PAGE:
friendship: on- and off-screen

Real friendship shows itself in action and affection. The real friend is the one who comes to the rescue in your hour of need; who is there with comfort in adversity and who shares with you his own success. This is hard to do on the screen — the screen, after all, is primarily a locus of information, and is only a place of action insofar as communication is a form of action. Only words, and not hands or the things they carry, can reach from it to comfort the sufferer, to ward off an enemy’s blows, or to provide any of the tangible assets of friendship in a time of need. It is arguable that the more people satisfy their need for companionship through relationships carried out on the screen, the less will they develop friendships of that other kind, the kind that offers help and comfort in the real trials of human life. Friendships that are carried out primarily on the screen cannot easily be lifted off it, and when they are so lifted, there is no guarantee that they will take any strain. Indeed, it is precisely their cost-free, screen-friendly character that attracts many people to them — so much so, students of mine tell me, that they fear addiction, and often have to forbid themselves to go to their Facebook account for days on end, in order to get on with their real lives and their real relationships. What we are witnessing is a change in the attention that mediates and gives rise to friendship. In the once normal conditions of human contact, people became friends by being in each other’s presence, understanding all the many subtle signals, verbal and bodily, whereby another testifies to his character, emotions, and intentions, and building affection and trust in tandem. Attention was fixed on the other — on his face, words, and gestures. And his nature as an embodied person was the focus of the friendly feelings that he inspired. People building friendship in this way are strongly aware that they appear to the other as the other appears to them. The other’s face is a mirror in which they see their own. Precisely because attention is fixed on the other there is an opportunity for self-knowledge and self-discovery, for that expanding freedom in the presence of the other which is one of the joys of human life. The object of friendly feelings looks back at you, and freely responds to your free activity, amplifying both your awareness and his own.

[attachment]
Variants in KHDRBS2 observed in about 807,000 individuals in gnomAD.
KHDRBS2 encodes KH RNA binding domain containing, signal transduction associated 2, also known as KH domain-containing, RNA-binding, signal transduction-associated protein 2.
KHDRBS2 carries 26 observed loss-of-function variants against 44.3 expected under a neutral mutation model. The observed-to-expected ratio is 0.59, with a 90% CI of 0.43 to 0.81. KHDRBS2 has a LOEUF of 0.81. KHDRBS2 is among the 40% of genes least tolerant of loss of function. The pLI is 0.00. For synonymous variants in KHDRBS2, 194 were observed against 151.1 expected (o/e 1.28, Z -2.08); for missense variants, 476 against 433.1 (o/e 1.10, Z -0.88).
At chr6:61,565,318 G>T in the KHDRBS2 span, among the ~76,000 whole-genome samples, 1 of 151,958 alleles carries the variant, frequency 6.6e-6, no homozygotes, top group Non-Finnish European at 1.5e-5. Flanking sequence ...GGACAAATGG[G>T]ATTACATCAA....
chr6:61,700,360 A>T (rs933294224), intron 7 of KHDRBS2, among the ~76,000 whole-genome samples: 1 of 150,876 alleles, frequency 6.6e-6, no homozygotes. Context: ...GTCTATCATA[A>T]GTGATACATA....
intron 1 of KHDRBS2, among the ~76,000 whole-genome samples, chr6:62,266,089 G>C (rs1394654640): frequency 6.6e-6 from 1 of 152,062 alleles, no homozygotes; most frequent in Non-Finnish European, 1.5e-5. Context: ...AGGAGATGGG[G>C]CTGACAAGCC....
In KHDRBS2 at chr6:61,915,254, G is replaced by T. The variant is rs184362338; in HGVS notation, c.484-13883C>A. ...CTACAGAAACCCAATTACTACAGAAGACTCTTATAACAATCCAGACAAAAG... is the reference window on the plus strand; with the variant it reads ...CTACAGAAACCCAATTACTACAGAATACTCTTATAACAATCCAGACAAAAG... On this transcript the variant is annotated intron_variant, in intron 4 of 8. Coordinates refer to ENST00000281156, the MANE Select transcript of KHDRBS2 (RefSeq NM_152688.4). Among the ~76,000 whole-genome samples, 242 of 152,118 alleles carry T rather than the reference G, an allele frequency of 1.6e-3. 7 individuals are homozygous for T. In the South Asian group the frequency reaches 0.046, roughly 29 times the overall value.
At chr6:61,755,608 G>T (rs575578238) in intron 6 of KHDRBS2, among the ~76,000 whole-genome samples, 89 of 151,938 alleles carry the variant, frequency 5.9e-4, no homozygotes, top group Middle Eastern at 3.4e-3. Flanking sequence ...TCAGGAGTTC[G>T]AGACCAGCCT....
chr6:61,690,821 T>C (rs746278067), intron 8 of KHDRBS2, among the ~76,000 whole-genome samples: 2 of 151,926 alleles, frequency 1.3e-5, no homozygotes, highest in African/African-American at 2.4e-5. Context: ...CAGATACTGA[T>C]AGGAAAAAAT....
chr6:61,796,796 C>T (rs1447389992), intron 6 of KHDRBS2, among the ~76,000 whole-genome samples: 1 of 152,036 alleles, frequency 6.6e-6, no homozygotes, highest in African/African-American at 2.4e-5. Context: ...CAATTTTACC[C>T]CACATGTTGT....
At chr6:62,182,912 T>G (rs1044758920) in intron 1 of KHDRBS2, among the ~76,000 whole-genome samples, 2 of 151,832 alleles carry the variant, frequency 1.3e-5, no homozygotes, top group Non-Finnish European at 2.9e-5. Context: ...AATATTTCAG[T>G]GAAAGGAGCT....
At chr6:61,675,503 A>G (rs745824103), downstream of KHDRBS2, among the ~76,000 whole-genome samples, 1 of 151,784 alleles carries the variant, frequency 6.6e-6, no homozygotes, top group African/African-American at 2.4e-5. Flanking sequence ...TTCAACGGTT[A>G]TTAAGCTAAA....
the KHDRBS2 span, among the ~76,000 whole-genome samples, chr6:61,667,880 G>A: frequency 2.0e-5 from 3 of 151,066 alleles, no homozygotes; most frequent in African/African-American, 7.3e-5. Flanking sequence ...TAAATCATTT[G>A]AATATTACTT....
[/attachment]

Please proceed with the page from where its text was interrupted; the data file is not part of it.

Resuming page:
via The New Atlantis.